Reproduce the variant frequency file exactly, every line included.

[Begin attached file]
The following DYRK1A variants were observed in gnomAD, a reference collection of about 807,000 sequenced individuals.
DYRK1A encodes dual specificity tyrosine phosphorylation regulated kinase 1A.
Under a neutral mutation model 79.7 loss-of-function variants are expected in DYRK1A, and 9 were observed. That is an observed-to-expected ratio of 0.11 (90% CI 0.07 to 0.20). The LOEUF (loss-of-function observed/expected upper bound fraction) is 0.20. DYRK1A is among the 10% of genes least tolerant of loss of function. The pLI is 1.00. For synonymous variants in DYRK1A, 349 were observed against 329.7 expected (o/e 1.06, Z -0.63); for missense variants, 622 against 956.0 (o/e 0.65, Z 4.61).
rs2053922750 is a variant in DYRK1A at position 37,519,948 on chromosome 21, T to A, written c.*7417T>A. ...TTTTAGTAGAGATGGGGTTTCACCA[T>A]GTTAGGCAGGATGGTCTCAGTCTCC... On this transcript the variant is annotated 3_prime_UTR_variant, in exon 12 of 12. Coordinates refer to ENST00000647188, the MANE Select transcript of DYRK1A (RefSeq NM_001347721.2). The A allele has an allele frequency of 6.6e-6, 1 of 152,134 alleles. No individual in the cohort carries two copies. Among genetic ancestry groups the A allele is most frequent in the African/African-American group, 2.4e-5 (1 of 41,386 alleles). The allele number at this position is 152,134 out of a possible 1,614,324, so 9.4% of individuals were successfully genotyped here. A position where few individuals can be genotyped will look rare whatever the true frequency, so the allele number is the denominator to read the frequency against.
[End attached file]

The following DYRK1A variants were observed in gnomAD, a reference collection of about 807,000 sequenced individuals.
DYRK1A encodes dual specificity tyrosine phosphorylation regulated kinase 1A.
Under a neutral mutation model 79.7 loss-of-function variants are expected in DYRK1A, and 9 were observed. That is an observed-to-expected ratio of 0.11 (90% CI 0.07 to 0.20). The LOEUF (loss-of-function observed/expected upper bound fraction) is 0.20. DYRK1A is among the 10% of genes least tolerant of loss of function. The pLI is 1.00. For synonymous variants in DYRK1A, 349 were observed against 329.7 expected (o/e 1.06, Z -0.63); for missense variants, 622 against 956.0 (o/e 0.65, Z 4.61).
rs2053922750 is a variant in DYRK1A at position 37,519,948 on chromosome 21, T to A, written c.*7417T>A. ...TTTTAGTAGAGATGGGGTTTCACCA[T>A]GTTAGGCAGGATGGTCTCAGTCTCC... On this transcript the variant is annotated 3_prime_UTR_variant, in exon 12 of 12. Coordinates refer to ENST00000647188, the MANE Select transcript of DYRK1A (RefSeq NM_001347721.2). The A allele has an allele frequency of 6.6e-6, 1 of 152,134 alleles. No individual in the cohort carries two copies. Among genetic ancestry groups the A allele is most frequent in the African/African-American group, 2.4e-5 (1 of 41,386 alleles). The allele number at this position is 152,134 out of a possible 1,614,324, so 9.4% of individuals were successfully genotyped here. A position where few individuals can be genotyped will look rare whatever the true frequency, so the allele number is the denominator to read the frequency against.